Headaches - tension


An in-depth report on the causes, diagnosis, treatment, and prevention of common headaches.


What Are Tension-Type Headaches?

Tension-type headaches are the most common type of headache, accounting for about half of all headaches. The pain is usually mild-to-moderate in intensity, with a steady pressing or tightening quality (like a vise being squeezed around the head). The headache is not accompanied by nausea or vomiting, and the pain is not increased by routine physical activity such as walking or climbing stairs. A tension-type headache attack can last anywhere from 30 minutes to an entire week.

Who Gets Tension-Type Headaches?

Women are more likely to get tension-type headaches than men. Nearly everyone will have at least one tension-type headache at some point in their lives. Many people who have migraine headaches also have tension-type headaches.

What Is The Difference Between Tension-Type Headaches and Migraine Headaches?

Migraines and tension headaches have some similar characteristics, but also some important differences:

  • Migraine pain is usually throbbing and while tension-type headache pain is usually a steady ache.
  • Migraine pain often affects only one side of the head while tension-type headache pain typically affects both sides of the head.
  • Migraine headaches, but not tension-type headaches, may be accompanied by nausea or vomiting, sensitivity to both light and sound, or aura.


Treatment of tension-type headache focuses on relieving pain when attacks occur, and preventing recurrence of attacks. Most tension-type headache attacks respond to simple over-the-counter pain relievers such as aspirin, ibuprofen (Advil, Motrin, generic), or naproxen (Aleve, generic).

Patients who have two or more tension-type headache attacks each month should talk to their doctors about preventive therapy. This may include a tricyclic antidepressant, such as amitriptyline (Elavil, generic), combined with behavioral therapies. Behavioral treatment approaches include relaxation therapy, biofeedback, stress management, and cognitive-behavioral therapy.


Most people have had headaches. There are many different kinds of headaches, and they range from being an infrequent annoyance to a persistent, severe, and disabling medical condition.

Brain tissue itself does not generate sensations of pain, so the brain is not what hurts when you have a headache. Rather, the pain occurs in some of the following locations:

  • The tissues covering the brain
  • The attaching structures at the base of the brain
  • Muscles and blood vessels around the scalp, face, and neck

Doctors categorize headaches as either primary or secondary. The category helps to distinguish the many different kinds of headaches and to determine right treatments for each.

Primary and Secondary Headaches

A headache is considered primary when it is not caused by another medical condition or disease. Most primary headaches fall into three main types: tension-type, migraine, and cluster headaches.

  • Tension-type headache is the most common primary headache and accounts for 90% of all headaches.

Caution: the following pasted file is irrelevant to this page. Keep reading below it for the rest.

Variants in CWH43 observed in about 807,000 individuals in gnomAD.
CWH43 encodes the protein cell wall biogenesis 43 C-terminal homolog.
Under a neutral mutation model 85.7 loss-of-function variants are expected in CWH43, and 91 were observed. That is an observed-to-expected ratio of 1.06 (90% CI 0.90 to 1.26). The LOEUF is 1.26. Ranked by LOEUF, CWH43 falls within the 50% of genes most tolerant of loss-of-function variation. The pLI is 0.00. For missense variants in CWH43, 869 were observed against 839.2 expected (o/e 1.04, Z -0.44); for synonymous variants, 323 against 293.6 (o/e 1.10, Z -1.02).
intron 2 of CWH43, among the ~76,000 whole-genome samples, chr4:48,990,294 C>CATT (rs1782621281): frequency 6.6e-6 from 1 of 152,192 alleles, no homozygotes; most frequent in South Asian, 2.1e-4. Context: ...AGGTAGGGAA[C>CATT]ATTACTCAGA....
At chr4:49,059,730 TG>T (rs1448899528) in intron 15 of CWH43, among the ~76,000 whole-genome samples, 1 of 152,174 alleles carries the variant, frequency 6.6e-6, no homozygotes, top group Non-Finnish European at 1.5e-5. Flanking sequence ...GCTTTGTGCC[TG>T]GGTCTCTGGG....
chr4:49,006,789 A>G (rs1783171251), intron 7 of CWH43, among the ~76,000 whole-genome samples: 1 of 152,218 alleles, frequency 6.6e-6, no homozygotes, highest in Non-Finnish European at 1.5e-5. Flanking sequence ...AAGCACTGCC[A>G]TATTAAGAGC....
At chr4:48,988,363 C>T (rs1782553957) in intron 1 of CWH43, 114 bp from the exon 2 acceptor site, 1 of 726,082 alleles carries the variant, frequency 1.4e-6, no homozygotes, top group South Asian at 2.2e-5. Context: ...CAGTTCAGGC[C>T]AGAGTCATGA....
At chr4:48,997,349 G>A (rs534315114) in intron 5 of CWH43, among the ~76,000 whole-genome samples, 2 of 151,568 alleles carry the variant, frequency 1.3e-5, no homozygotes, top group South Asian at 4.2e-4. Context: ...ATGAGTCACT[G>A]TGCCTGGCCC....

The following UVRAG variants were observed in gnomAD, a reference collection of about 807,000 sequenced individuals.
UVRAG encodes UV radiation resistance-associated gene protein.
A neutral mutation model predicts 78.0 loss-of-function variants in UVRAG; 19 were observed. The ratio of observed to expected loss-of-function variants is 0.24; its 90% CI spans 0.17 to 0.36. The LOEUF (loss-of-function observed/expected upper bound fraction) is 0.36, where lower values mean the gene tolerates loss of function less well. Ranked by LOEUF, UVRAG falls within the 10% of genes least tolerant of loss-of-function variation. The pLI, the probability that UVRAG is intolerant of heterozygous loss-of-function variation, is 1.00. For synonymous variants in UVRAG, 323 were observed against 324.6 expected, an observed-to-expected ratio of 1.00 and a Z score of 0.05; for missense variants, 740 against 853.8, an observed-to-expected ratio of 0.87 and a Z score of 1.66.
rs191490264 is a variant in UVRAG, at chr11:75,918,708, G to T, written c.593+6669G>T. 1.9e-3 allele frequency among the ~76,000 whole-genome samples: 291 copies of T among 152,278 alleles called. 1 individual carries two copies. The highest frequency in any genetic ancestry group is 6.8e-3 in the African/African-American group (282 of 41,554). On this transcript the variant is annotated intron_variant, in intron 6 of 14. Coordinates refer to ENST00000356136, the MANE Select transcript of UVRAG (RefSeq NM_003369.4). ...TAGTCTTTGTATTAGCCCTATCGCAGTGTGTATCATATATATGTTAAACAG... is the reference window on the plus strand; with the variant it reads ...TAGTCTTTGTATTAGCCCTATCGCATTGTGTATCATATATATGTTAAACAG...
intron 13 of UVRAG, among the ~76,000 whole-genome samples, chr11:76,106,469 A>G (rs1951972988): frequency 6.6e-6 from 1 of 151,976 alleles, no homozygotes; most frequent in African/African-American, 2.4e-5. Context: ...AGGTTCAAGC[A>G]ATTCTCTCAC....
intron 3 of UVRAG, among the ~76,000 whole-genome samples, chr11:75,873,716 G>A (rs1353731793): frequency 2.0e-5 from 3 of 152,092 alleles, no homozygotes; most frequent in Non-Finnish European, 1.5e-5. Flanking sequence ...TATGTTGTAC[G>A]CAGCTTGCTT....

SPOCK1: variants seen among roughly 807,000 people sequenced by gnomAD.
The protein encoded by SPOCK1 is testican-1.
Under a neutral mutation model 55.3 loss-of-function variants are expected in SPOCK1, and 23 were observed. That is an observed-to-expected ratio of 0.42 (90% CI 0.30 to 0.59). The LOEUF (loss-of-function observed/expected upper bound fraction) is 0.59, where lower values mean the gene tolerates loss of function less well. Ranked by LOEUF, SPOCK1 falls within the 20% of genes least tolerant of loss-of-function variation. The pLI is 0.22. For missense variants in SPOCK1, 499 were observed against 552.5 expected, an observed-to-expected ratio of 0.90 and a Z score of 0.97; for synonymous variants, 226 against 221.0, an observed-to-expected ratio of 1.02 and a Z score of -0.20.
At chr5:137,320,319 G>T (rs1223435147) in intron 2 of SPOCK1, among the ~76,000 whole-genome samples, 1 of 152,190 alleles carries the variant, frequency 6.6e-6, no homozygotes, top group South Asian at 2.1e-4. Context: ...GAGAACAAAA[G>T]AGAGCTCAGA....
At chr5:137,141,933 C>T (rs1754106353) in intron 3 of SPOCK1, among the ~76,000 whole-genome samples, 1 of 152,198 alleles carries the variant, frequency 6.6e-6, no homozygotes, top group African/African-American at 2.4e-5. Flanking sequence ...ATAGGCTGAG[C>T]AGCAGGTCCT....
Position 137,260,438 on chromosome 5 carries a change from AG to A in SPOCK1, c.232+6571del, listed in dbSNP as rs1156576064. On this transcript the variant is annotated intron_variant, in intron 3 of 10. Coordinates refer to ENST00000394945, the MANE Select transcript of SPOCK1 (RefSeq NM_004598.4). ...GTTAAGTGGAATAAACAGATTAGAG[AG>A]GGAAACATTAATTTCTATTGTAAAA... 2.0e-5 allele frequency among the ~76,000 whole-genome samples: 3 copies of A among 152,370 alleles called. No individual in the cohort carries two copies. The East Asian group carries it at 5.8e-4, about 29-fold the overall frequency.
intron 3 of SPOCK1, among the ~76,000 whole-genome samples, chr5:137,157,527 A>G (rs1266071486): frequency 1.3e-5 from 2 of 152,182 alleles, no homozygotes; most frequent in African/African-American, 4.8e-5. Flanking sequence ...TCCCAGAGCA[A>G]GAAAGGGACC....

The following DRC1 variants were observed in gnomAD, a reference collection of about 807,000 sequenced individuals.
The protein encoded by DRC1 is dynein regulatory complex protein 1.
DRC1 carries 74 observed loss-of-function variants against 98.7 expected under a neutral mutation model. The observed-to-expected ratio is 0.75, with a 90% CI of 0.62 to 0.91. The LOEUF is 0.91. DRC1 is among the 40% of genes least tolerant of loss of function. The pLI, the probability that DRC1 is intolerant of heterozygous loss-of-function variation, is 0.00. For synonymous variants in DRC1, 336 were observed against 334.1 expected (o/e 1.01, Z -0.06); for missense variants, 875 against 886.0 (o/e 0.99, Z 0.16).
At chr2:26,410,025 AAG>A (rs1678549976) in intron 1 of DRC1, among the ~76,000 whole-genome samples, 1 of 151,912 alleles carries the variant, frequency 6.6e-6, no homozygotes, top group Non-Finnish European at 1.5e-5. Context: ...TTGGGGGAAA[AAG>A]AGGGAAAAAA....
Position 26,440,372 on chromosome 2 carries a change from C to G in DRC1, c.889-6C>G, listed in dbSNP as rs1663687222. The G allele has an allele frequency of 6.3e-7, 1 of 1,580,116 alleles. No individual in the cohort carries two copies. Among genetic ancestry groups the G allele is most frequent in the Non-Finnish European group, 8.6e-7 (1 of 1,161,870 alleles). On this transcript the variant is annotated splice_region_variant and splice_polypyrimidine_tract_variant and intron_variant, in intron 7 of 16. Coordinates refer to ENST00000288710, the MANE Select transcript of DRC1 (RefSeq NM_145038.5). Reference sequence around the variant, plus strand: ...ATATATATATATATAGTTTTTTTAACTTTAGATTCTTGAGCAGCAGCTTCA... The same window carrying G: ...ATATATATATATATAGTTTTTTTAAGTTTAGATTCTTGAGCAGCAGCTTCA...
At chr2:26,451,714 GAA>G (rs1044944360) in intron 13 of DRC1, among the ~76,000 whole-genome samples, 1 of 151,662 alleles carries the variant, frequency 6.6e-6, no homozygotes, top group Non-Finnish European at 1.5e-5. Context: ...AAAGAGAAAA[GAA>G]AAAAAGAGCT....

• Migraines are the second most common primary headaches. Migraine is referred to as a neurovascular headache because it is most likely caused by an interaction between blood vessel and nerve abnormalities.
  • Cluster headache is a less common type of primary headache that is sometimes referred to as a neurovascular headache.

Headaches are usually caused by muscle tension, vascular problems, or both.

Secondary headaches are caused by other medical conditions, such as sinus infections, neck injuries, and strokes. About 2% of headaches are secondary to abnormalities or infections in the nasal or sinus passages, and they are commonly referred to as sinus headaches.

Chronic Daily Headaches

Chronic daily headaches are defined as any benign headache that occurs at least 15 days a month and is not associated with a serious neurologic abnormality. Most people with these headaches have them daily or almost daily and they can be quite debilitating.

Chronic daily headaches can begin as tension headaches, migraines, or a combination of these or other headache types. Chronic daily headaches are subdivided into two categories:

  • Short-duration headaches, or those lasting fewer than 4 hours. The most common short-acting chronic headaches are cluster headaches.
  • Long-duration headaches, which last more than 4 hours. Tension-type headaches are the most common type of long-duration chronic (recurring) headaches and, in fact, the most common type of chronic headaches in general.

Tension-Type Headaches

Tension-type headaches, also called muscle contraction headaches or simply tension headaches, are the most common of all headaches. They are classified into four types:

  • Frequent episodic tension-type headache. Headaches occur at least once but not more than 15 days per month for at least 3 months (a minimum of 12 days but not more than 180 days per year). Headaches last from at least 30 minutes to 7 days.
  • Infrequent episodic tension-type headache. At least 10 episodes of headache that occur less than 1 day per month (12 days per year). Because these headaches occur infrequently, they do not impact a patient's quality of life as severely as frequent episodic headaches and may not require attention from a medical professional.
  • Chronic tension-type headache. Headaches occur at least 15 days per month for at least 3 months (45 days per year). The headache persists for hours at a time and may be continuous.